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Dee Dee Bridgewater
The Horace Silver Connection

August 27, 2020 | by Rusty Aceves

Dee Dee Bridgewater

Vocalist and 2017 NEA Jazz Master Dee Dee Bridgewater is featured on this week’s Fridays at Five streaming concert in a tribute to the iconic pianist and composer Horace Silver, originally filmed in September 2017. We take a look at Bridgewater’s connection to the fellow NEA Jazz Master in preparation for the concert.

Since she first gained recognition in the early 1970s with the great Thad Jones/Mel Lewis Orchestra and work with the likes of Sonny Rollins, Max Roach, Dizzy Gillespie, Roy Ayers, and Dexter Gordon, Dee Dee Bridgewater has thrived wherever she’s landed, from Broadway, where she earned a Tony Award for her work in the original production of The Wiz, to Paris, where she spent more than a decade as France’s greatest champion of jazz.

Following her dalliances with pop and R&B in the 1970s and 80s, her series of superlative 1990s albums for Verve signaled a deepening commitment to jazz, gathering eight GRAMMY nominations and two wins including a Best Jazz Vocal Performance nod for her 1997 Ella Fitzgerald tribute Dear Ella.
After moving back to the US in 1999 Bridgewater greatly expanded her visibility at home, finding time to host NPR’s syndicated radio show JazzSet with Dee Dee Bridgewater and become a Goodwill Ambassador for the UN Food and Agriculture Organization, helping to finance global projects to fight world hunger. She won her second GRAMMY in the category of Best Jazz Vocal Album for her most recent release, 2010’s Billie Holiday salute, Eleanora Fagan (1915-1959): To Billie With Love From Dee Dee Bridgewater.

With timeless standards numbering in the dozens, including “Song for My Father,” “Nica’s Dream,” and “The Jody Grind,” the songbook of Horace Silver remains among the richest and most distinctive in jazz. Bridgewater memorialized a baker’s dozen of Silver’s compositions for her GRAMMY-nominated 1995 recording Love and Peace: A Tribute to Horace Silver. Recorded in Paris for Verve, the album featured contributions from a number of premier European jazz artists as well as Silver himself, who appeared on “Nica’s Dream” and “Song For My Father,” as well as late Hammond B-3 giant Jimmy Smith, who lent his inimitably gritty organ tones to the Silver groove classics “Filthy McNasty” and “The Jody Grind.”

It made perfect sense that Bridgewater would choose to honor the legacy of Silver—a fellow NEA Jazz Master the singer has known since the early 1970s when her then-husband, trumpeter Cecil Bridgewater, got a gig playing in Silver’s working band. The couple had been married very briefly, and the call to join Silver prompted their move to New York and life on the road with the pianist. As Bridgewater told the UK’s Jazz FM, “Instead of a honeymoon, we went on tour with Horace Silver.”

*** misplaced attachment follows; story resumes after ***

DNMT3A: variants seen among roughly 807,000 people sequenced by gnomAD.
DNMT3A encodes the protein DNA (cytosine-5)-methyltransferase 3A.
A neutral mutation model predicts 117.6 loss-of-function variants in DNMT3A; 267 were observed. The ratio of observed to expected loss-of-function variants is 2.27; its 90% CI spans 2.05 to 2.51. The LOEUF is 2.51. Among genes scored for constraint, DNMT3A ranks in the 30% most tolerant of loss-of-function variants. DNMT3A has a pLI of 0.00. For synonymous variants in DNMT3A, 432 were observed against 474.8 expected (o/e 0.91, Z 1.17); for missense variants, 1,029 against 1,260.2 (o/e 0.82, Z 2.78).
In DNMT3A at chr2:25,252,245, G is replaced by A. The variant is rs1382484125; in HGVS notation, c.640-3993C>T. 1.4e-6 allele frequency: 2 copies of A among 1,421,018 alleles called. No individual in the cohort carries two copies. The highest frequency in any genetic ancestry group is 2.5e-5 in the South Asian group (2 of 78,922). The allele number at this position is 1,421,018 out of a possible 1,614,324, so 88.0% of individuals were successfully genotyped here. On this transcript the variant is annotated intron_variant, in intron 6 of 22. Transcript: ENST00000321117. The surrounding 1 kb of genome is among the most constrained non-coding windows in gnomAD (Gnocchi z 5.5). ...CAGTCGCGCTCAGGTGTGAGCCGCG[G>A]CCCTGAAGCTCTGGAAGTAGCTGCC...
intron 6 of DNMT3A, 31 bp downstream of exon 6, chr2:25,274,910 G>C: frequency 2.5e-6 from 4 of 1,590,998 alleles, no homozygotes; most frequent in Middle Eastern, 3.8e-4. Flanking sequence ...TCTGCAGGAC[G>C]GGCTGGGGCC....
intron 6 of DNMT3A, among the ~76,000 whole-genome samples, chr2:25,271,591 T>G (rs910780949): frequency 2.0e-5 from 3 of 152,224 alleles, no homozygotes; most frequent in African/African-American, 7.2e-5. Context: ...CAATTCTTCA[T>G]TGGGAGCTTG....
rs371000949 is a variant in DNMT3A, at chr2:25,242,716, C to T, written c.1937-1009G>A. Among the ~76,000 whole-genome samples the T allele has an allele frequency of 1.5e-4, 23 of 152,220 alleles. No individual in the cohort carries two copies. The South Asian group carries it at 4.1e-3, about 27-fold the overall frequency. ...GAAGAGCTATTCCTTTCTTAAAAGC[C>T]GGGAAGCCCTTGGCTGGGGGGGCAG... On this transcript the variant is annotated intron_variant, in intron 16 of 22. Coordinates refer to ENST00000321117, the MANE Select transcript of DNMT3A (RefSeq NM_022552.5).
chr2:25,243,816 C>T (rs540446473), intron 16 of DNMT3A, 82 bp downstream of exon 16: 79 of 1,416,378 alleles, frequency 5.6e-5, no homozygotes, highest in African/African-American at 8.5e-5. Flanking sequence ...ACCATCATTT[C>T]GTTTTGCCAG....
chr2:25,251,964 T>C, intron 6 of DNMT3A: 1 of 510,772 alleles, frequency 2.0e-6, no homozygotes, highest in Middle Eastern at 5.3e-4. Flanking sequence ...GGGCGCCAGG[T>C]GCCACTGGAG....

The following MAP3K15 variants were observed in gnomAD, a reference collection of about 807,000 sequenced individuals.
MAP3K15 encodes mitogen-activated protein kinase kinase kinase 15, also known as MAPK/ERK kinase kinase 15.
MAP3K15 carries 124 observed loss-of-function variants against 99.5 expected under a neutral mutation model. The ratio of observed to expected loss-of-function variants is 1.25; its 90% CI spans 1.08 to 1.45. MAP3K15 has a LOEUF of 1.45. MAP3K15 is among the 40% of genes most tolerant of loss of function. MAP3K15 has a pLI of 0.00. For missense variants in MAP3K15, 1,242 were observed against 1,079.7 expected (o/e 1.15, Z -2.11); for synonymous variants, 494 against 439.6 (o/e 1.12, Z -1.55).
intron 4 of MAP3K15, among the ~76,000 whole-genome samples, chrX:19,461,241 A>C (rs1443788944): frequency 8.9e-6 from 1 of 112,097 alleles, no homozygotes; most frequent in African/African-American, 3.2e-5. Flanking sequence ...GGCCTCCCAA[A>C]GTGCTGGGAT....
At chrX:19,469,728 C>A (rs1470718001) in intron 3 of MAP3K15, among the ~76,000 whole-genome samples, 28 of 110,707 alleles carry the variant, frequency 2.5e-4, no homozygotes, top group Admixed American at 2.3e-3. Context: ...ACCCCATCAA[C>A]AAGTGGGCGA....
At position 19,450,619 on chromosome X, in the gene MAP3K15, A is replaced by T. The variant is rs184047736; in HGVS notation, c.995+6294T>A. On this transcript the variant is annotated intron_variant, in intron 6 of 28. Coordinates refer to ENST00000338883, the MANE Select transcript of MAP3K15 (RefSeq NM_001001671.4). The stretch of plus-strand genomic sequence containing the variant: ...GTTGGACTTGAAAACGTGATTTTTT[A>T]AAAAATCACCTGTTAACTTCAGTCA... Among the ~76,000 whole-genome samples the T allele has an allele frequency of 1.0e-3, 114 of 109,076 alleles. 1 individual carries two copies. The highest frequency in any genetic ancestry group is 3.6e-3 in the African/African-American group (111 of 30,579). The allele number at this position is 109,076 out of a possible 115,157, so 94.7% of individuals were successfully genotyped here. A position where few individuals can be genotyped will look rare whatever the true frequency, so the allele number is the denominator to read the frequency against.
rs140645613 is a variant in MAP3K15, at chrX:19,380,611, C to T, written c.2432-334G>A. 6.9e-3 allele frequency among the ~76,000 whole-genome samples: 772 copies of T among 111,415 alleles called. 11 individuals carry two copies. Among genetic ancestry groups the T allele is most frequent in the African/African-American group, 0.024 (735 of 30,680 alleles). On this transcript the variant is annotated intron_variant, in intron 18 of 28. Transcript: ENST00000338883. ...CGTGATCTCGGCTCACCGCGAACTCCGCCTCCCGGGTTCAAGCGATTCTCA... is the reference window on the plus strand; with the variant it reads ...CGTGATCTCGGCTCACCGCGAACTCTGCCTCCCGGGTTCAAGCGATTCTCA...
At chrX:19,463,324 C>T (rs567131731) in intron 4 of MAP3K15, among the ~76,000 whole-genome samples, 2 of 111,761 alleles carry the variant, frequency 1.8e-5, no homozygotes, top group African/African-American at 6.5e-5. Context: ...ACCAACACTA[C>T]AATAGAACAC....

Horace Silver: "Old Mother Nature Calls" with Andy Bey, filmed in 1972

During this time, Silver was in the midst of his extended compositional project titled United States of Mind, encompassing the Blue Note records That Healin’ Feelin’ (1970), Total Response (1972), and All (1972), and Bridgewater was entranced by the artistry of Andy Bey, who was in the band at the time and was Silver’s singer of choice for many years. With Bey’s encouragement, the budding vocalist would often ask Silver to sit in at various stops on the road—requests that were consistently rebuffed by the brusque bandleader.
One night, in a youth-driven bit of impetuousness sparked by the presence of her family in the audience at a tour stop in Detroit, Bridgewater walked out on stage and began Silver’s “Love Vibrations” with the band.
As she put it, “I started singing, ‘Emptiness surrounds..,’ I think I got the word ‘surround’ out, and Horace stopped the music. His head pops up, he looks at me, and he said, “Get off my stage!”
Fortunately, the pair’s relationship would only grow and deepen after that inauspicious encounter, leading to Silver’s appearance on Love and Peace.

L-R: Theo Croker, Dee Dee Bridgewater, Irwin Hall at SFJAZZ (photo by Jon Bauer)

This week’s Fridays at Five, streaming during the week of what would have been Silver’s 92nd birthday, pairs Bridgewater with the band led by rising trumpet virtuoso Theo Croker. Initially meeting in Shanghai in 2010 when Bridgewater performed with the JZ Club’s house big band led by the then 25-year-old trumpeter, the pair kept touch. Bridgewater saw a major young talent in Croker that she wanted to expose to a larger audience, producing and performing on his 2014 release AfroPhysicist and signing him to her DDB label. Shortly thereafter, Bridgewater fired her band, hired Croker’s, and gave him the position of Music Director—a position he held until heading out on his own in 2015. This concert is a welcome reunion for them, and us.

SFJAZZ Copywriter and Marketing Manager Rusty Aceves is also a freelance writer, jazz drummer, and symphonic percussionist. He has contributed to Modern Drummer and All About Jazz, and is currently writing his first book, tracing the history of the Bay Area funk scene.